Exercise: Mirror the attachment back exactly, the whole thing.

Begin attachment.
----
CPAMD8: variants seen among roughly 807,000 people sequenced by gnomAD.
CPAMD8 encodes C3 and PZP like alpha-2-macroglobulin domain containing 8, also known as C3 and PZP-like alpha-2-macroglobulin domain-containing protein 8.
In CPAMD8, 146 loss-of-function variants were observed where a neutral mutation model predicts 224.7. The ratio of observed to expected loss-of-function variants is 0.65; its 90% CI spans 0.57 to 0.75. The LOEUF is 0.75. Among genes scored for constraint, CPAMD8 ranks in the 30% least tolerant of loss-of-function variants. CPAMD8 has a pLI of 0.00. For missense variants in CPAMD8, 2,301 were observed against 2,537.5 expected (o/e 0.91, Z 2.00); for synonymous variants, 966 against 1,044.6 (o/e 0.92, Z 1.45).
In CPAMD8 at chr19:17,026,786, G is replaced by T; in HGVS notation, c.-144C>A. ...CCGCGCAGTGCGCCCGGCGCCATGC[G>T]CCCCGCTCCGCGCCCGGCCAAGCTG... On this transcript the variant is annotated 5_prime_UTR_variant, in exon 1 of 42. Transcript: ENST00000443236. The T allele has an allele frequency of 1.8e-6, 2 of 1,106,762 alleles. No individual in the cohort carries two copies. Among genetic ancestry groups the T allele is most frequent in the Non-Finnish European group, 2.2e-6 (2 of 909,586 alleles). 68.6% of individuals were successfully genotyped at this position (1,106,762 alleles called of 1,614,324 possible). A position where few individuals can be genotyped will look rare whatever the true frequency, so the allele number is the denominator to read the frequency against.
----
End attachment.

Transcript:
CPAMD8: variants seen among roughly 807,000 people sequenced by gnomAD.
CPAMD8 encodes C3 and PZP like alpha-2-macroglobulin domain containing 8, also known as C3 and PZP-like alpha-2-macroglobulin domain-containing protein 8.
In CPAMD8, 146 loss-of-function variants were observed where a neutral mutation model predicts 224.7. The ratio of observed to expected loss-of-function variants is 0.65; its 90% CI spans 0.57 to 0.75. The LOEUF is 0.75. Among genes scored for constraint, CPAMD8 ranks in the 30% least tolerant of loss-of-function variants. CPAMD8 has a pLI of 0.00. For missense variants in CPAMD8, 2,301 were observed against 2,537.5 expected (o/e 0.91, Z 2.00); for synonymous variants, 966 against 1,044.6 (o/e 0.92, Z 1.45).
In CPAMD8 at chr19:17,026,786, G is replaced by T; in HGVS notation, c.-144C>A. ...CCGCGCAGTGCGCCCGGCGCCATGC[G>T]CCCCGCTCCGCGCCCGGCCAAGCTG... On this transcript the variant is annotated 5_prime_UTR_variant, in exon 1 of 42. Transcript: ENST00000443236. The T allele has an allele frequency of 1.8e-6, 2 of 1,106,762 alleles. No individual in the cohort carries two copies. Among genetic ancestry groups the T allele is most frequent in the Non-Finnish European group, 2.2e-6 (2 of 909,586 alleles). 68.6% of individuals were successfully genotyped at this position (1,106,762 alleles called of 1,614,324 possible). A position where few individuals can be genotyped will look rare whatever the true frequency, so the allele number is the denominator to read the frequency against.